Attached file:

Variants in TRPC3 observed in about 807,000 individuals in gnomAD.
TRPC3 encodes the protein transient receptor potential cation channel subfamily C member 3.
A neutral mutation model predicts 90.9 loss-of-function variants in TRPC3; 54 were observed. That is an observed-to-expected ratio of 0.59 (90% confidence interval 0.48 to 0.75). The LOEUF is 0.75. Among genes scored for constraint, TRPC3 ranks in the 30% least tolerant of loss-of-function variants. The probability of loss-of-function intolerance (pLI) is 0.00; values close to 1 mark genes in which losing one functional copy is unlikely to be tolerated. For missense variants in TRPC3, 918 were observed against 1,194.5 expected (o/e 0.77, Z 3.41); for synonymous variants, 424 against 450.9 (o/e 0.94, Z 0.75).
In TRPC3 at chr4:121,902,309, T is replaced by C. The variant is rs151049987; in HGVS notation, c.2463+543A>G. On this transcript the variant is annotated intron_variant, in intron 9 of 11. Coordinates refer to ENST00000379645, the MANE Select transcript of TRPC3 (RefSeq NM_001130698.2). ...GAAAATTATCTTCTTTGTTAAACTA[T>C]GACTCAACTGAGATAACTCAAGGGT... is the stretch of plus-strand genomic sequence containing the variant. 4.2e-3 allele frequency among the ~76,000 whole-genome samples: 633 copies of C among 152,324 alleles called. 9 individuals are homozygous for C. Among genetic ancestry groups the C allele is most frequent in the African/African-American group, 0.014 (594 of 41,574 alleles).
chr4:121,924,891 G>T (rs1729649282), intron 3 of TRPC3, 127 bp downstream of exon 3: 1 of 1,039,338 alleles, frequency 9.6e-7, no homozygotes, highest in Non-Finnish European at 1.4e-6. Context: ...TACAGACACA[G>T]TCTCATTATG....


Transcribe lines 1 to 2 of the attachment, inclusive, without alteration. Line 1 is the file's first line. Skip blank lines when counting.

Variants in TRPC3 observed in about 807,000 individuals in gnomAD.
TRPC3 encodes the protein transient receptor potential cation channel subfamily C member 3.